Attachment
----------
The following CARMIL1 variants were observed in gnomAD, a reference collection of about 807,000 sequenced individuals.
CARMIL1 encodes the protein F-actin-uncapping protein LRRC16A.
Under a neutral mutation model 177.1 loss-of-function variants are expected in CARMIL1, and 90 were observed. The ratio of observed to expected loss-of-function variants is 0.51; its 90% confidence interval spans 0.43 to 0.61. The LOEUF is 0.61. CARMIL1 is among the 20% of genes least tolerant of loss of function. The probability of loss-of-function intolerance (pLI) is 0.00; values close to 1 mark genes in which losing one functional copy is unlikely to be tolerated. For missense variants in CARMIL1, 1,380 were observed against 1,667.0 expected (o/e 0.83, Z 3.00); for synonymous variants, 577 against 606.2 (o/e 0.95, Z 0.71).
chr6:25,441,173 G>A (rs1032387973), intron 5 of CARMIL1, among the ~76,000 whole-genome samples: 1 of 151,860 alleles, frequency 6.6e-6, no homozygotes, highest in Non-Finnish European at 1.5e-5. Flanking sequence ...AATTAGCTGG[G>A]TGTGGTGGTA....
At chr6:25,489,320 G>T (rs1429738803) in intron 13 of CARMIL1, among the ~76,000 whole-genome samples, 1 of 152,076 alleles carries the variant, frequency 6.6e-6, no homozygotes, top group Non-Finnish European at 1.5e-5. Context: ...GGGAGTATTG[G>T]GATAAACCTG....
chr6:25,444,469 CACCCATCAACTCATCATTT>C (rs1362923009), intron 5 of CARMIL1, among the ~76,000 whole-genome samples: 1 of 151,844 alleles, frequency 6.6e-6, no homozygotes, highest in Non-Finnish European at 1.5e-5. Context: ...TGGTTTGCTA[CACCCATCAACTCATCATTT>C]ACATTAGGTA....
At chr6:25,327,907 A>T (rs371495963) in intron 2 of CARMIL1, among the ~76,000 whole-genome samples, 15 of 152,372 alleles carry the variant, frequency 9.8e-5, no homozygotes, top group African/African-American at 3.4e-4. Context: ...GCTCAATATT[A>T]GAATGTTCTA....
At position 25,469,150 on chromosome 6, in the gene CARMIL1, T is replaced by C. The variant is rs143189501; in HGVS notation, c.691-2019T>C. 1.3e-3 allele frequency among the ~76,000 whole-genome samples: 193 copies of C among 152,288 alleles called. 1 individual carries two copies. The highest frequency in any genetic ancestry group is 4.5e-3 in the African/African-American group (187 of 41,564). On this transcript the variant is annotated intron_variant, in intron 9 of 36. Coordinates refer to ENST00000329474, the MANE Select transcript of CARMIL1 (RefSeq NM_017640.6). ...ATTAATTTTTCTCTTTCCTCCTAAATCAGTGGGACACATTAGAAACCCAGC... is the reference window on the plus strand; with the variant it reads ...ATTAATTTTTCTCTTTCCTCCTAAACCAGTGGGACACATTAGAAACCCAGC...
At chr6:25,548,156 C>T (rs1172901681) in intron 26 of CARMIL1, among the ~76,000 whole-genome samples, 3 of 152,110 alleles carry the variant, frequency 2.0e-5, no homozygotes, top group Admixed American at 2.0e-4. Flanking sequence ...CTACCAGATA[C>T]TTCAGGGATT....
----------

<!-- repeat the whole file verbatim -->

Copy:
The following CARMIL1 variants were observed in gnomAD, a reference collection of about 807,000 sequenced individuals.
CARMIL1 encodes the protein F-actin-uncapping protein LRRC16A.
Under a neutral mutation model 177.1 loss-of-function variants are expected in CARMIL1, and 90 were observed. The ratio of observed to expected loss-of-function variants is 0.51; its 90% confidence interval spans 0.43 to 0.61. The LOEUF is 0.61. CARMIL1 is among the 20% of genes least tolerant of loss of function. The probability of loss-of-function intolerance (pLI) is 0.00; values close to 1 mark genes in which losing one functional copy is unlikely to be tolerated. For missense variants in CARMIL1, 1,380 were observed against 1,667.0 expected (o/e 0.83, Z 3.00); for synonymous variants, 577 against 606.2 (o/e 0.95, Z 0.71).
chr6:25,441,173 G>A (rs1032387973), intron 5 of CARMIL1, among the ~76,000 whole-genome samples: 1 of 151,860 alleles, frequency 6.6e-6, no homozygotes, highest in Non-Finnish European at 1.5e-5. Flanking sequence ...AATTAGCTGG[G>A]TGTGGTGGTA....
At chr6:25,489,320 G>T (rs1429738803) in intron 13 of CARMIL1, among the ~76,000 whole-genome samples, 1 of 152,076 alleles carries the variant, frequency 6.6e-6, no homozygotes, top group Non-Finnish European at 1.5e-5. Context: ...GGGAGTATTG[G>T]GATAAACCTG....
chr6:25,444,469 CACCCATCAACTCATCATTT>C (rs1362923009), intron 5 of CARMIL1, among the ~76,000 whole-genome samples: 1 of 151,844 alleles, frequency 6.6e-6, no homozygotes, highest in Non-Finnish European at 1.5e-5. Context: ...TGGTTTGCTA[CACCCATCAACTCATCATTT>C]ACATTAGGTA....
At chr6:25,327,907 A>T (rs371495963) in intron 2 of CARMIL1, among the ~76,000 whole-genome samples, 15 of 152,372 alleles carry the variant, frequency 9.8e-5, no homozygotes, top group African/African-American at 3.4e-4. Context: ...GCTCAATATT[A>T]GAATGTTCTA....
At position 25,469,150 on chromosome 6, in the gene CARMIL1, T is replaced by C. The variant is rs143189501; in HGVS notation, c.691-2019T>C. 1.3e-3 allele frequency among the ~76,000 whole-genome samples: 193 copies of C among 152,288 alleles called. 1 individual carries two copies. The highest frequency in any genetic ancestry group is 4.5e-3 in the African/African-American group (187 of 41,564). On this transcript the variant is annotated intron_variant, in intron 9 of 36. Coordinates refer to ENST00000329474, the MANE Select transcript of CARMIL1 (RefSeq NM_017640.6). ...ATTAATTTTTCTCTTTCCTCCTAAATCAGTGGGACACATTAGAAACCCAGC... is the reference window on the plus strand; with the variant it reads ...ATTAATTTTTCTCTTTCCTCCTAAACCAGTGGGACACATTAGAAACCCAGC...
At chr6:25,548,156 C>T (rs1172901681) in intron 26 of CARMIL1, among the ~76,000 whole-genome samples, 3 of 152,110 alleles carry the variant, frequency 2.0e-5, no homozygotes, top group Admixed American at 2.0e-4. Flanking sequence ...CTACCAGATA[C>T]TTCAGGGATT....